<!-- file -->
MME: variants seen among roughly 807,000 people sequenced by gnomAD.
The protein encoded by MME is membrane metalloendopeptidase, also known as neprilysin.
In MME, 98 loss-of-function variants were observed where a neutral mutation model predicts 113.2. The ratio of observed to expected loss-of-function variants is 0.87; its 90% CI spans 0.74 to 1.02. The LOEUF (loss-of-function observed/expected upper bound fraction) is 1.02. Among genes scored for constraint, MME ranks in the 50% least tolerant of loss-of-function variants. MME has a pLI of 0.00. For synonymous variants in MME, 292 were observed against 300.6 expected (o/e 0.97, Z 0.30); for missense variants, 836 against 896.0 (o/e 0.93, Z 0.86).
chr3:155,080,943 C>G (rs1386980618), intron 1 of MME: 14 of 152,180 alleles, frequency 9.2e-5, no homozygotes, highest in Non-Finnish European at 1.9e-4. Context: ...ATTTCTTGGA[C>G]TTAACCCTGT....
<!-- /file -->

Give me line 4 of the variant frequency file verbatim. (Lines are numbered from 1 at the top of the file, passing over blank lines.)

chr3:155,080,943 C>G (rs1386980618), intron 1 of MME: 14 of 152,180 alleles, frequency 9.2e-5, no homozygotes, highest in Non-Finnish European at 1.9e-4. Context: ...ATTTCTTGGA[C>G]TTAACCCTGT....